Godden does his usual thorough job with all the major factories briefly covered right up into the twentieth century. It is enjoyable to see eight pages of illustrations devoted to the short lived factory of Pinxton.
There is not much colour in the book and I would have been most bitter about this aspect in the coverage of Swansea and Nantgarw. This is mitigated by two illustrations with the pieces photographed against a light to show their sheer translucent quality.Other books on welsh porcelain omit this obvious feature.
There is a small shock for the unwary at the start of the book; illustrations of porcelain by Alcock, a small factory with wares that are diffcult to identify because of lack of marked examples. And Godden shows half a dozen vases that would obviously be determined to be Rockingham had they not been marked. Some Rockingham enthusiasts will be giving quizzical looks towards their unmarked specimens.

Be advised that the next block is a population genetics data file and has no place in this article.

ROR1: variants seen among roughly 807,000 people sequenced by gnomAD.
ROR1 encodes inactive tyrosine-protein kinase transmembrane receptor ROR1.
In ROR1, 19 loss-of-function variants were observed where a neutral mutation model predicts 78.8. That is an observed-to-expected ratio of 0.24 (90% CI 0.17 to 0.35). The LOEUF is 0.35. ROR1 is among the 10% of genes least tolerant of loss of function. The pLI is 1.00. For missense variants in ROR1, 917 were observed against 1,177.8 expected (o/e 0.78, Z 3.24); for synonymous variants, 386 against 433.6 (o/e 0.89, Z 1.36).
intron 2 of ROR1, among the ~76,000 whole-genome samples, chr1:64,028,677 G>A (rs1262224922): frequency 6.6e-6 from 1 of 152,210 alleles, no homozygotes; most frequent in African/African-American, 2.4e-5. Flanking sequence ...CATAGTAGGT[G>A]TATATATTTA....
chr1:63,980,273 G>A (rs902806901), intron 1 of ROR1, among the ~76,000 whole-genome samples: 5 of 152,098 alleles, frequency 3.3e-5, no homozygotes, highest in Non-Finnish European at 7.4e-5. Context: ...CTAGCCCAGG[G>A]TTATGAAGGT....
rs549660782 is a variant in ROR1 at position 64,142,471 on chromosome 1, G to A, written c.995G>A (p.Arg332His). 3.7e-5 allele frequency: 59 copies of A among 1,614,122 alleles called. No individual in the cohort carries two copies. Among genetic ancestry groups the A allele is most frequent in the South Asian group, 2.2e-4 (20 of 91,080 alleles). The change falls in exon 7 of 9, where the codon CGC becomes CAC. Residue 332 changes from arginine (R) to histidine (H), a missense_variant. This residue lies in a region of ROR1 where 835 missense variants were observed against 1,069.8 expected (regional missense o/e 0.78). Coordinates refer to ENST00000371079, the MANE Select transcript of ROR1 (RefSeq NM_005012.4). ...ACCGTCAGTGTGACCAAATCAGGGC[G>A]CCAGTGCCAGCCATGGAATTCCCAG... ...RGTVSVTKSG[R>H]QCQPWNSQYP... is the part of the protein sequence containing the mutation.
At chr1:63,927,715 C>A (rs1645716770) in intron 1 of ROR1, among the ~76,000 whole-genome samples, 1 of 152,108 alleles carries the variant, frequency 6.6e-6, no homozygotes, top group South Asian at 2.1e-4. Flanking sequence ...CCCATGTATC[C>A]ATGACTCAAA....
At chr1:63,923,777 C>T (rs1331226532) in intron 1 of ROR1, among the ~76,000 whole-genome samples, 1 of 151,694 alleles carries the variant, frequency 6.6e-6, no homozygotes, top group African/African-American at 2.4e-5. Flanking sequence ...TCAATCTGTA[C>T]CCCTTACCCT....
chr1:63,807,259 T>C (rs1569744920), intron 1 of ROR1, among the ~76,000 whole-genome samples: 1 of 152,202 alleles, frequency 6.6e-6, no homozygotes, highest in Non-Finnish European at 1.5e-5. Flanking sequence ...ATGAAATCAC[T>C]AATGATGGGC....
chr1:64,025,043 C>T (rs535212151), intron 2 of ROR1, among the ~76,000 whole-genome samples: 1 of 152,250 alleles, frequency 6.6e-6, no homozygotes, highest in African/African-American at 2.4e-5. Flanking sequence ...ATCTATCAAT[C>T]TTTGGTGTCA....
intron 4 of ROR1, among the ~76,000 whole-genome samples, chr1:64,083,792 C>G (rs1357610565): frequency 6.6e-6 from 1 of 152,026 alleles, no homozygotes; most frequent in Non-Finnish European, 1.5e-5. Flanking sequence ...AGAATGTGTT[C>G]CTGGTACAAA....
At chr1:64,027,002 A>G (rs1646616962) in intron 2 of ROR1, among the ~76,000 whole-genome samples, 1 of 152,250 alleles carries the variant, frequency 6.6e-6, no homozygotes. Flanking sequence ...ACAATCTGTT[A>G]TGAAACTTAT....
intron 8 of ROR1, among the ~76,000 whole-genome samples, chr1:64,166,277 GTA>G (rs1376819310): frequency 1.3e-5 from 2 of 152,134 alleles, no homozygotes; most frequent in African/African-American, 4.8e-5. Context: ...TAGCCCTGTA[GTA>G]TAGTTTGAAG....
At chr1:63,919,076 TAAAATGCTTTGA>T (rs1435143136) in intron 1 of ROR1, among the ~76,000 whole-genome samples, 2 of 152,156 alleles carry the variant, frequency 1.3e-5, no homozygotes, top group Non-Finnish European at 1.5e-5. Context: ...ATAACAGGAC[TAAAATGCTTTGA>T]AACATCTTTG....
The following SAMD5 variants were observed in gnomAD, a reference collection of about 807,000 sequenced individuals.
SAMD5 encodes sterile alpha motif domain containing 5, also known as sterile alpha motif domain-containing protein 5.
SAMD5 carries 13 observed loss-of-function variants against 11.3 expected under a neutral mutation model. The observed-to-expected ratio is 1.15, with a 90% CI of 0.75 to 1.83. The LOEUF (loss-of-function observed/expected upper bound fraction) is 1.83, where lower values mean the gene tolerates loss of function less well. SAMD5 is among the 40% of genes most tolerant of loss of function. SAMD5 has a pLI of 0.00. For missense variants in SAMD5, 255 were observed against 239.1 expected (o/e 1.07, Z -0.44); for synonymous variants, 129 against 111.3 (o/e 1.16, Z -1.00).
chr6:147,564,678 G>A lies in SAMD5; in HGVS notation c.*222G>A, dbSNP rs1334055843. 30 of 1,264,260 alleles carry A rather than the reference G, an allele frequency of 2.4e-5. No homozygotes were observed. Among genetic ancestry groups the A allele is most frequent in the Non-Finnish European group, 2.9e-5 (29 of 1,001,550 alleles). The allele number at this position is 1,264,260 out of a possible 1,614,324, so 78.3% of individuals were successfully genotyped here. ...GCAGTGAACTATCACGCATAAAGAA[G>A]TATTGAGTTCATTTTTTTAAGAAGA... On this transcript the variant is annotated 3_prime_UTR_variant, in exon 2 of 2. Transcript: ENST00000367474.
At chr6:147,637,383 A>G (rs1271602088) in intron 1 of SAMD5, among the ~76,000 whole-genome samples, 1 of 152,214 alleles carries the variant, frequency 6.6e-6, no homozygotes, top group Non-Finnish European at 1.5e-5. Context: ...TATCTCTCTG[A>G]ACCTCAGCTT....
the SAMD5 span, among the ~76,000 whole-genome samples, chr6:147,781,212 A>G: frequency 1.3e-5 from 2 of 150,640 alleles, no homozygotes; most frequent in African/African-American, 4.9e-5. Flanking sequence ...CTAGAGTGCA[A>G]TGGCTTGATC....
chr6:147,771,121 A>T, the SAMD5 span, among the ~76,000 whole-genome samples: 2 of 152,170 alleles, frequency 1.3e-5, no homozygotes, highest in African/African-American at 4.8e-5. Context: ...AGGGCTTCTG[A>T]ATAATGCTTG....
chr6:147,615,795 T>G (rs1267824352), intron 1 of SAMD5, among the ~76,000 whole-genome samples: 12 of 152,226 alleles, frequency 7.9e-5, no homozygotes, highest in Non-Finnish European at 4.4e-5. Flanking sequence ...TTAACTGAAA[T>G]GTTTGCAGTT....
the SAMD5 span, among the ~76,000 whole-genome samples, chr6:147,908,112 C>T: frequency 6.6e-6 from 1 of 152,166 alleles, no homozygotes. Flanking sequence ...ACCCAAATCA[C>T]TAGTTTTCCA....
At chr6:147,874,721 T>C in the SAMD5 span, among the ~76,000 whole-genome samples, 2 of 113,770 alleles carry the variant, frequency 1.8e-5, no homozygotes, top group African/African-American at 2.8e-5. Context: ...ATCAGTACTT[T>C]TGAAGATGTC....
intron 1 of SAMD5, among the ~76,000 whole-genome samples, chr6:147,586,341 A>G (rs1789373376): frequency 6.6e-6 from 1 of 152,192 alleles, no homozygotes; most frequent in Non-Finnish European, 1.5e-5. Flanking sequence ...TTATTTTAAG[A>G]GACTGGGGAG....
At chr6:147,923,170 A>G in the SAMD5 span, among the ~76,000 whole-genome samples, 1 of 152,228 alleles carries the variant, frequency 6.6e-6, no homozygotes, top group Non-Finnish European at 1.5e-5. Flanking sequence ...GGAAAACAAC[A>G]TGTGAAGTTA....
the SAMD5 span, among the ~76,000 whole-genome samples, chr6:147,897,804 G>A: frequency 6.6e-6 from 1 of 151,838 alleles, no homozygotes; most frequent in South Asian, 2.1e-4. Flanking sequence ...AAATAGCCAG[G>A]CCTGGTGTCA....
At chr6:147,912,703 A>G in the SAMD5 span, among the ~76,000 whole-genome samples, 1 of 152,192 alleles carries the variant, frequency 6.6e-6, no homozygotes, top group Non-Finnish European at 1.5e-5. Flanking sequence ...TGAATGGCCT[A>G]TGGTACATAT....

Then we have Charles Bourne, some of whose works resemble Rockingham and Spode,Daniel, one of the finest decorating establishments with very few marked pieces and mysterious lack of conclusion to the W*** mark as a possibility for Enoch Wood.
After over four hundred pages of mostly illustrations there is a good bibliography for further study, admittedly lots written by Godden himself.
A helpful book to aid in the decision as to which monographs to concentrate.